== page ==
Intestinal Parasites in Cats

Cats have a high prevalence of gastrointestinal parasitism, with prevalence rates as high as 45 percent. The parasites can be wormlike (such as stomach worms, roundworms, hookworms, and tapeworms) or single-celled (such as Isospora, Giardia, and Toxoplasma).


Intestinal parasites show a variety of symptoms. Therefore, controlling parasites necessitates a thorough understanding of the signs and causes.

  • Intermittent diarrhea
  • Little or no weight gain despite a good diet
  • Dull fur
  • Lethargy
  • Vomiting
  • mucoid or bloody feces
  • Coughing
  • loss of appetite
  • pale mucous membrane
  • Diarrhea
  • a pot-bellied appearance is a sign to look for when determining if your cat has intestinal parasites.

Intestinal parasites cause vomiting, diarrhea, anemia, and dehydration, weakening a cat and making it more prone to viral and bacterial infections and diseases, robbing your cat of excellent health. In addition, certain parasites can infect humans.

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Wormlike Parasites


Roundworms (Toxocara cati and Toxascaris leonina) are the most prevalent intestinal parasite in cats, with a prevalence ranging from 25% to 75% and typically greater in kittens. Adult roundworms are 4 to 5 inches long and cream-colored, and they dwell in the intestine of cats. The viable eggs produced by the mature female worm are discharged into the feces of the affected cat. The infective larva stage takes from days to weeks to develop from the eggs.

Ingesting eggs or consuming rodents (transport hosts) with larvae in their tissues infects cats with Toxocara cati. In addition, kittens can be infected by larvae transferred through the milk of an infected queen. Therefore, it is feasible for kittens to become infected shortly after birth in certain instances. Toxascaris leonina infects cats the same way that Toxocara cati does, but unlike Toxocara, the parasite is not transferred by milk.

If the number of roundworms infecting you is so high that your intestines become blocked, it might be fatal. However, when compared to other intestinal parasites, roundworm infections are usually relatively harmless. Infected kittens, on the other hand, are at grave risk if not treated. The presence of microscopic parasite eggs in the stool during microscopic inspection confirms the diagnosis. Many treatments are effective, but the best way to prevent infection is to limit exposure to infected cats’ feces and prohibit hunting. In addition, the parasite is less likely to infect kittens if queens are treated before they reproduce.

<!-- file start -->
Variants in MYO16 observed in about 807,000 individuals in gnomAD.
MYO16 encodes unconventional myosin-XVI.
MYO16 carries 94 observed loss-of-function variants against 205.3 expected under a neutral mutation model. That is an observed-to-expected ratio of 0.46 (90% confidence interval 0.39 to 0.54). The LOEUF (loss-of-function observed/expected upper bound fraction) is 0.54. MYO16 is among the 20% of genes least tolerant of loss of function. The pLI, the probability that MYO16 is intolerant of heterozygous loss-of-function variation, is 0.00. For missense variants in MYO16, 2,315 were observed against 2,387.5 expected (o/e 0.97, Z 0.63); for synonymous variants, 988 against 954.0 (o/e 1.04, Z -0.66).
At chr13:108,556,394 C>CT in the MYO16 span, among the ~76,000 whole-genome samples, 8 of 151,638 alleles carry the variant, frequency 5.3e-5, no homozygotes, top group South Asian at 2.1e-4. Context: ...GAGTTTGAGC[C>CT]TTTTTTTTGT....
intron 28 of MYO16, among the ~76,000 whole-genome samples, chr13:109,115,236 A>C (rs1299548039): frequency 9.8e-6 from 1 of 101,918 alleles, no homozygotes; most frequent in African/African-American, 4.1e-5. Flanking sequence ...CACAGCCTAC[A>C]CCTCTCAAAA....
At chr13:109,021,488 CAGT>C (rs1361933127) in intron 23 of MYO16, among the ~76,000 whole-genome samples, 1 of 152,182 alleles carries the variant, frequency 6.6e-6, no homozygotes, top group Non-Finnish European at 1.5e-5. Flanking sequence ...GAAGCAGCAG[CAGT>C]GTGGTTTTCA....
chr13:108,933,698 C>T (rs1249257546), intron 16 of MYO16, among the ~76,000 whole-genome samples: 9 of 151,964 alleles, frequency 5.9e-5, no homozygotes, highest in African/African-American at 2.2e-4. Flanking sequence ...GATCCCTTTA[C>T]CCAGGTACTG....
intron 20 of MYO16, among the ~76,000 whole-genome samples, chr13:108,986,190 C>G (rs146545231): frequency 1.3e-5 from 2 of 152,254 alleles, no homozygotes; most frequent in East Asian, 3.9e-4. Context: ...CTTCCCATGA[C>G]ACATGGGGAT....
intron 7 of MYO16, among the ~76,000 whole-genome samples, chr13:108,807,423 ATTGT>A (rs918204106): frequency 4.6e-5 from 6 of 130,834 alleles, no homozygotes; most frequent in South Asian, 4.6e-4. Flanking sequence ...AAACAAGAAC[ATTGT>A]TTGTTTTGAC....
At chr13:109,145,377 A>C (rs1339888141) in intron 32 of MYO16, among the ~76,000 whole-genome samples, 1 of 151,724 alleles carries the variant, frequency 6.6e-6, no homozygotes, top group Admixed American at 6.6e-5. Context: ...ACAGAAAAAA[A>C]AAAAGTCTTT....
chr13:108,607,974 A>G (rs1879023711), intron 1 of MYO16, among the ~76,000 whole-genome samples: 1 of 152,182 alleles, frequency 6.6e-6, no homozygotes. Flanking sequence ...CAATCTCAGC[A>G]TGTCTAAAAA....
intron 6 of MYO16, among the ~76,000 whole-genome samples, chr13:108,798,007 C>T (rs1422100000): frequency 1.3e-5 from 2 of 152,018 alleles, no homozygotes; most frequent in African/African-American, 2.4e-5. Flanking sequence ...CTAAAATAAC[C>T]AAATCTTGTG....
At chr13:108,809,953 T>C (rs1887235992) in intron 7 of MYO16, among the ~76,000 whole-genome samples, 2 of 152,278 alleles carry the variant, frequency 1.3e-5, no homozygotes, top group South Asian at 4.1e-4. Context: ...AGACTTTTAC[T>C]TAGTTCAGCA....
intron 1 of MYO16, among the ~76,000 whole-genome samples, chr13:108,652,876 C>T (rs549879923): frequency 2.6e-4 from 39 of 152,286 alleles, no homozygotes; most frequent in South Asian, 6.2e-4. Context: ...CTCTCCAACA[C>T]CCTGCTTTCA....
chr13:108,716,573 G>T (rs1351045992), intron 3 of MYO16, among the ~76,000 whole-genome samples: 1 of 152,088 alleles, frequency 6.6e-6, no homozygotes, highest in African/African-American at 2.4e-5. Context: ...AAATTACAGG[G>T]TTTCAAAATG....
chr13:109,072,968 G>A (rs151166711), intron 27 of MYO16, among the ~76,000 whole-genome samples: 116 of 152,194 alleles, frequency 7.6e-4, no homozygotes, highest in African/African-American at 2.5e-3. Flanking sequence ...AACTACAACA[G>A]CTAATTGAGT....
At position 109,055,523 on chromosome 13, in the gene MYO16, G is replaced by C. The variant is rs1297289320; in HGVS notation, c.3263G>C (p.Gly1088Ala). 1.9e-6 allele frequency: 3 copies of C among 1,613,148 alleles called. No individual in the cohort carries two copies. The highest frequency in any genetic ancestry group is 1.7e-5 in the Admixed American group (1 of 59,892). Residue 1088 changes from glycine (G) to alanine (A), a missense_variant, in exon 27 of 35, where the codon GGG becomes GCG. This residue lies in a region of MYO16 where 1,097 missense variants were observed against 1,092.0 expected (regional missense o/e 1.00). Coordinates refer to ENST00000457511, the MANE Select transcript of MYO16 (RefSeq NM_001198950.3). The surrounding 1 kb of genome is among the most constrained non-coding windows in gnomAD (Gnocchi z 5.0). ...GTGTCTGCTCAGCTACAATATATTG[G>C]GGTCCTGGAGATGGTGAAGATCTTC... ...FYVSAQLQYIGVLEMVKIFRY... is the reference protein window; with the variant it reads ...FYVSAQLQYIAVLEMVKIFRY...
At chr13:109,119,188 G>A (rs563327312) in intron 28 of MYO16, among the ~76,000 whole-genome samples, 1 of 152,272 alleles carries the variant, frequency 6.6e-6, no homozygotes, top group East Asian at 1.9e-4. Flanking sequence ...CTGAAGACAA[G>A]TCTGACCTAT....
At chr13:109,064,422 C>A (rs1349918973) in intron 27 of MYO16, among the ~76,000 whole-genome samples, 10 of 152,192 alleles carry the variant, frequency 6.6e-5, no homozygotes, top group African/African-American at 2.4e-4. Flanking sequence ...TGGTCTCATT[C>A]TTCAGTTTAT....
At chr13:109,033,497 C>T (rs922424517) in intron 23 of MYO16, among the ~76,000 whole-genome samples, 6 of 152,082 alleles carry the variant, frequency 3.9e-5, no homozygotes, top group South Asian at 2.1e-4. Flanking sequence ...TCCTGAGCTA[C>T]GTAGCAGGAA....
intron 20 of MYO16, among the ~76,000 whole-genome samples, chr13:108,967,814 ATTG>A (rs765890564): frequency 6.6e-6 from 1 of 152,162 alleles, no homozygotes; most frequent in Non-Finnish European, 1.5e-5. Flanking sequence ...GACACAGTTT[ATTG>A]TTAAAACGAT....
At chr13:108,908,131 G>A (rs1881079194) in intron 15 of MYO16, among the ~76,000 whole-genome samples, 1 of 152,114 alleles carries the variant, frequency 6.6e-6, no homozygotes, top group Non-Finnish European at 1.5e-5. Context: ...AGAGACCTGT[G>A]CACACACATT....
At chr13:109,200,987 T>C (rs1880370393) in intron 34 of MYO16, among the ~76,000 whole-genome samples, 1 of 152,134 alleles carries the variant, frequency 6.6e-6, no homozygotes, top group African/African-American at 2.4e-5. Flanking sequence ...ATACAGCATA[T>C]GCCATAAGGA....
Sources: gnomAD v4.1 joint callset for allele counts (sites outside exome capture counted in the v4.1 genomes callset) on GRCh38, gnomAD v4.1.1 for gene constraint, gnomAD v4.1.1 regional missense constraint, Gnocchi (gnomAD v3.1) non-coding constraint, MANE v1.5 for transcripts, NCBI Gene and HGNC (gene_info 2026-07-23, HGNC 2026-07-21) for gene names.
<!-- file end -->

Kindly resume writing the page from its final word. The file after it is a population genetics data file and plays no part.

Hookworms (Uncinaria and Ancylostoma) are slender, thread-like worms that dwell in the intestine of cats as adults and are less than 1/2 inch long. They are frequently not apparent in the feces of affected cats due to their microscopic size. Hookworms have a long life span and can live as long as a cat. Hookworm infections are less prevalent than roundworm infections in North America, with prevalence estimates ranging from 10% to 60%.

Adult cats are frequently afflicted by larvae that enter their bodies through their skin or are ingested. Once within the host, the larvae move to the lungs and then to the intestines to mature into adult worms. It’s unclear whether cats can get infected by eating rodents with larvae in their tissues or consuming larval-infested queen’s milk.

Due to blood loss from the intestines to which the worms attach themselves, severe parasitism can induce anemia. Because of the blood in the feces, the cat’s feces will appear black and tarry. If the cat loses too much blood, it can become anemic and die if not treated. These worms, like roundworms, are pretty easy to diagnose and treat. Controlling hookworm infections requires good hygiene and daily litter box cleaning.


The bodies of tapeworms (cestodes) are long and flattened, resembling a tape or ribbon. The body is made up of a small head that is attached to a sequence of egg-filled segments. With its head lodged in the mucosa, the mature tapeworm dwells in the small intestine. The details furthest from the head break off and are passed in the feces as they reach complete maturity. These segments can be found in the excrement or around the cat’s tail and rectum. When fresh, the features are roughly a quarter-inch long, flat, and like rice grains; when dry, they resemble sesame seeds. They usually migrate by increasing and reducing in length while still alive.

Infected fleas or infected rodents are the most common ways for cats to become infected with tapeworms. Fleas and rodents pick up tapeworm eggs from the environment and become sick. Tapeworm infections can be successfully treated with modern drugs, but re-infection is common.

If the eggs of some tapeworm species that infect cats are unintentionally swallowed, they can cause sickness in humans; however, essential cleanliness almost eliminates any danger of human infection.


In the United States, whipworms are a rare parasite seen in cats. Adult whipworms live in infected cats’ big intestines but do not cause significant illness.

Stomach Worms